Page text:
ELISA. Based on the principles of analogous systems (24,34), an ELISA for measuring the binding of SOD and anti-SOD antibodies was developed. This was used for estimating the binding of mycobacterial SOD with homologous and heterologous anti-SOD antibodies. The essential steps of this procedure are as follows: 1) The purified SOD enzyme, 25 µ g/ml (antigen) was dissolved in carbonate bicarbonate buffer, pH 9.6 (coating buffer). 2) Each well, except the last two wells, of a microliter plate (Cooke Microtitcr, U.S.A.) received 100 µ l of a coating buffer containing SOD (25 µ g/ml). The last two wells received only the coating buffer, and the plates were incubated overnight at 4ºC. 3) Wells were washed three times with phosphate bufler saline with Tween-20 (PBS-T), 100 µ l of bovine serum albumin fraction-V (BSA-V; 2 mg/ml) in PBS-T was added to each well, and the plates were incubated at 37ºC for 1 hr. 4) After washing the wells, 100 µ l of serially diluted test and control rabbit sera (immunoglobulins) was added to respective rows and columns except for the number 1 well (antigen control) and the last well (substrate control). The second to last well of the microtitcr plate received undiluted homologous serum (immunoglobulins). The plates were incubated at 37ºC for 3 hr in a humid chamber. 5) The plates were washed with PBS-T three times, and the traces of buffer in the wells were removed. Then, 100 µ l of diluted (1: 5000) anti-rabbit immunoglobulins conjugated with horseradish peroxidase in the PBS-T (Dakopatts) was added. The plates were shaken carefully and incubated overnight at 4ºC in a humid chamber. 6) The unbound enzyme-labeled antibodies were washed with PBS-T four times. 7) 100 µ l of 0.1% o -phenylene diamine (OPD) in citric acetate buffer (pH 5.0) containing 0.03% H2O2 (to be prepared just before use) was added and incubated at room temperature for 30 min in the dark. 8) The reaction was stopped by adding 25 µ l of 8 NH2SO4 to each well. 9) The color developed was measured at 490 nm using an ELISA reader (Microliter reader; Model 700: Dynatech Labs, Inc., Chantilly, Virginia, U.S.A.) and the titer of each test serum was calculated. The first well without test antibody was taken as blank, the antigen control (second to last well) was an antibody control, and the last well was a substrate control.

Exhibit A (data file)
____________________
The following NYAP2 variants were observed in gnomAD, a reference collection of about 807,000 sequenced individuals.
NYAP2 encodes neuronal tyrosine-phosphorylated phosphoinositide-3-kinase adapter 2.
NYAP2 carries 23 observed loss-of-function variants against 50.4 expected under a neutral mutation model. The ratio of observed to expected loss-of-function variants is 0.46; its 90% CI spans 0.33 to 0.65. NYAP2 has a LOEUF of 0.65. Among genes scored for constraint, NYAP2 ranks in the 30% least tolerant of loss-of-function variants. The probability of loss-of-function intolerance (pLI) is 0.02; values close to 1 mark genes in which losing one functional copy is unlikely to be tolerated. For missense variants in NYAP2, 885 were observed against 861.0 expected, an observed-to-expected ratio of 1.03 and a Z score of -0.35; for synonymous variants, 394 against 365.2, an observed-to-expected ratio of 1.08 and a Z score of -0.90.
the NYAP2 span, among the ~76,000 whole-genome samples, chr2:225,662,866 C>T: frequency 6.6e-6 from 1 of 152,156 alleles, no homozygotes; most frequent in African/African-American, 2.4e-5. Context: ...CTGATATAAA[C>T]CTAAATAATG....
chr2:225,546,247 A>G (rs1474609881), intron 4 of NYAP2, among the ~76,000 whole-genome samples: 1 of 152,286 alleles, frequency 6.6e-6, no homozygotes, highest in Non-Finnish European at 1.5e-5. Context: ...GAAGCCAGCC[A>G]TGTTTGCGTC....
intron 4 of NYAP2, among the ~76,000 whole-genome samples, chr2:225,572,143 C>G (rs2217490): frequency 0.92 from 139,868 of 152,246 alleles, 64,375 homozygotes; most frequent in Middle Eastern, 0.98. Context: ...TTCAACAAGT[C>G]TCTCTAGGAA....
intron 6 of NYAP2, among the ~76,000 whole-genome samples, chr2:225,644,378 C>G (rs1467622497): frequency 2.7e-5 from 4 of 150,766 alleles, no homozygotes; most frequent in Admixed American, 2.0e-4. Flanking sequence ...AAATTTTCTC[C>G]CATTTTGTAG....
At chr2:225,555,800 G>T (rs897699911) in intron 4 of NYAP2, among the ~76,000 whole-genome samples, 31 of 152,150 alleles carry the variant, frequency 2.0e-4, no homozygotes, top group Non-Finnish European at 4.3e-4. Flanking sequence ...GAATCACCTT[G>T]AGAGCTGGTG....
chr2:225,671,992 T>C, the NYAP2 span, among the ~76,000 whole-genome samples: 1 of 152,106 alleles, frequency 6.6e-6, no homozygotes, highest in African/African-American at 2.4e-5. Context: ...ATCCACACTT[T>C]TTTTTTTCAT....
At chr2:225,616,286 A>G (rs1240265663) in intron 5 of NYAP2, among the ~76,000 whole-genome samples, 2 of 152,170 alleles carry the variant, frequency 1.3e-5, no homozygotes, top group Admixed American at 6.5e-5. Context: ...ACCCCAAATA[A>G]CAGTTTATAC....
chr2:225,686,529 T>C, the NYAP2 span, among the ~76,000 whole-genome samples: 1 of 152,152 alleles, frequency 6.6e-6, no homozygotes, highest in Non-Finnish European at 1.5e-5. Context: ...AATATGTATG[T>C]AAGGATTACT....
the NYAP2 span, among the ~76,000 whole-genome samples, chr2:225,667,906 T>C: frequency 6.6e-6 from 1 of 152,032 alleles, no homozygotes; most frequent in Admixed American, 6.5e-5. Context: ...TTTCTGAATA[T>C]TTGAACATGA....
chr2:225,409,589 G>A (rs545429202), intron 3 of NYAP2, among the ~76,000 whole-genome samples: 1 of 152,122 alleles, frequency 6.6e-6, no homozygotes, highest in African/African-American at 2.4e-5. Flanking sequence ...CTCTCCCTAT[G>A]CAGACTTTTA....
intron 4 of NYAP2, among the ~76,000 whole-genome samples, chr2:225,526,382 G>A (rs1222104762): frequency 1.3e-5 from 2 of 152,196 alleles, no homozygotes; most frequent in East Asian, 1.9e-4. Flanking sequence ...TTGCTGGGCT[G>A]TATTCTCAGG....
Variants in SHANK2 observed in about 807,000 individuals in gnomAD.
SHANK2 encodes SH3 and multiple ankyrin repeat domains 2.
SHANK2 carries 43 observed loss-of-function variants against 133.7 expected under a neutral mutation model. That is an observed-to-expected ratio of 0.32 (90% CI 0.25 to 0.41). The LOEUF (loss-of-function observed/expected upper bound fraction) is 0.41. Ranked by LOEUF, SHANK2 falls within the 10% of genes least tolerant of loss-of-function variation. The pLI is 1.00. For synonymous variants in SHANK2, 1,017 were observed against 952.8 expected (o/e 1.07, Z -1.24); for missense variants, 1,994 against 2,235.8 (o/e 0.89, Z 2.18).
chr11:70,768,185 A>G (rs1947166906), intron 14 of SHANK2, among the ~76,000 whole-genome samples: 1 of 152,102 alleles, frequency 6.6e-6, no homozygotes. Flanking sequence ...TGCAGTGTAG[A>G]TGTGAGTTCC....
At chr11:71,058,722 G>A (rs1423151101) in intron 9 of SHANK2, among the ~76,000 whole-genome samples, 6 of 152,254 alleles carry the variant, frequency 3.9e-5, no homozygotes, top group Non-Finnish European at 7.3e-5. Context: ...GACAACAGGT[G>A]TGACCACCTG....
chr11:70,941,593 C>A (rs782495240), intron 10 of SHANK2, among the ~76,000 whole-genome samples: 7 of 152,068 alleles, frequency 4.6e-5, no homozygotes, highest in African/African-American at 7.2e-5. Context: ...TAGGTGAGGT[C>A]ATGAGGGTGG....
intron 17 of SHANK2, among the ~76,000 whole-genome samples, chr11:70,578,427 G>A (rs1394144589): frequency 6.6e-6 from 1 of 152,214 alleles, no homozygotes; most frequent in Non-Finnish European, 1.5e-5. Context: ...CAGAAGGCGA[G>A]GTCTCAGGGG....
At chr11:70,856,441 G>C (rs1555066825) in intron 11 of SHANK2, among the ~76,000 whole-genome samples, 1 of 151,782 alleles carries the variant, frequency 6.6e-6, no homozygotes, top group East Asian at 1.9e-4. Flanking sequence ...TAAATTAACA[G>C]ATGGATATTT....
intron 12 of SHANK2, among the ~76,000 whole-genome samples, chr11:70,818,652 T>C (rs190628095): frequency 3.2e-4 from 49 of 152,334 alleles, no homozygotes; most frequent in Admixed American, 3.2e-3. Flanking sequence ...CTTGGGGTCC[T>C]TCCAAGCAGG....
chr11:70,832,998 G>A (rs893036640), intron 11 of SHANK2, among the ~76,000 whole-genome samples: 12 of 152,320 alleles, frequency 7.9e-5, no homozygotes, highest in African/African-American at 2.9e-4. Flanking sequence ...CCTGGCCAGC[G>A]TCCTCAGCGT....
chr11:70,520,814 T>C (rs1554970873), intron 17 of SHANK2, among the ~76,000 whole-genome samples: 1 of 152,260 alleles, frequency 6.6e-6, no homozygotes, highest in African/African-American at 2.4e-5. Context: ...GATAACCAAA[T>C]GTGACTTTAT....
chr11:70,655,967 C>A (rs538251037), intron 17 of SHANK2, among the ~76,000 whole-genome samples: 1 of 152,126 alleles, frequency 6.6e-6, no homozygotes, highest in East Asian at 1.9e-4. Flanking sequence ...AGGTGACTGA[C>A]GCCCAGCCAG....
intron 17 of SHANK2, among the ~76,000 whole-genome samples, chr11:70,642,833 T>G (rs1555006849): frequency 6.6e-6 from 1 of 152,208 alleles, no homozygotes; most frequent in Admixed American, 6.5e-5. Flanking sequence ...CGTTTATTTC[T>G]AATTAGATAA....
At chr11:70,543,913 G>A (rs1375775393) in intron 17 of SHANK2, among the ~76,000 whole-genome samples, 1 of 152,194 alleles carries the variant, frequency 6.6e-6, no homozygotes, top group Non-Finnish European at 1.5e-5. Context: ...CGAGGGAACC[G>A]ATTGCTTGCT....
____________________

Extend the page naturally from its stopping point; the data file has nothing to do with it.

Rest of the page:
Calculation of immunological distances (ImDs). The binding capacity of serum against a given SOD preparation was the reciprocal of that dilution of serum which precipitated (in immunoprecipitation technique) or bound (in ELISA) 1 unit or a delined amount of SOD. These were calculated from the points on the titration curve closest to the 50% endpoint on the probability graph paper, as done in the catalasc system earlier (31).



The ELISA system standardized in this study elicited consistent and reproducible immunological distances between the homologous and the heterologous mycobacterial SODs. Antigen-coated plates were stable and shared consistent results up to 25 µ g/ml (SOD enzyme).

Calculation of ImDs using OD serological titers by ELISA. The binding titers of serially diluted anti-sera (1:16, 1:32, 1:64, 1:128, 1:256, 1:512, ... 1:8192) raised against SODs of cultivable mycobacteria were determined with homologous SODs (25 µ g/ml) by the ELISA technique. The ImD units calculated between the homologous and heterologous antigen-antibody titrations of eight cultivable mycobacteria are shown in Table 1. The reciprocal ImDs of M. tuberculosis H37Ra anti-SOD antibodies versus M. bovis BCG SOD and M. bovis BCG (serum) versus M. tuberculosis H37Ra (SOD) were found to be 11 and 12 ImD units, respectively, by the two methods. The ImDs calculated for other species were found to be similar, consistent, and reproducible by both immunoprecipitation and ELISA methods. Table 2 compares some of the ImDs estimated between the SODs of different cultivable mycobacteria by immunoprecipitation and ELISA techniques. It should be noted that very similar ImDs were discerned by these two techniques.




The ImD values between M. leprae and other cultivable mycobacteria included in this study, as calculated by the titration of anti-SOD antibodies raised against SODs from cultivable mycobacteria versus SOD antigen from M. leprae by ELISA and immunoprecipitation techniques, are shown in Table 3. ImD units calculated from titrations by the immunoprecipitation (P) and ELISA (E) techniques were similar for M. leprae versus all of these eight species. The ImDs of SOD from M. leprae to various species were: M. phlei (69P vs 71E), M. vaccae (74P vs 75E), M. smegmatis (61P vs 59E), M. tuberculosis H37Ra (30P vs 31E), M. tuberculosis H37Rv (31P vs 29E), M. bovis BCG (23P vs 25E), M. avium (20P vs 22E) and M. scrofulaceum (31P vs 38E), respectively.




According to Cocks and Wilson (2), the immunological distance (ImD) is a logarithmic function of the index of dissimilarity between two biological systems, and is directly related to the differences in the amino-acid sequence of a particular protein. These ImDs between various biological systems have been estimated and have been reported to correlate with the structural divergence of protein, up to substitution of about 40% amino-acid sequences (3,5,26). The immunoprecipitation, immunodiffusion, sero-agglutination and microcompliment fixation tests and the ELISA are some of the techniques used for this purpose in various biological systems, including mycobacteria (2,14,15,26,31). Except for the ELISA, most of these techniques require larger quantities of antigen and antibodies, and the sensitivity of the assays arc generally low.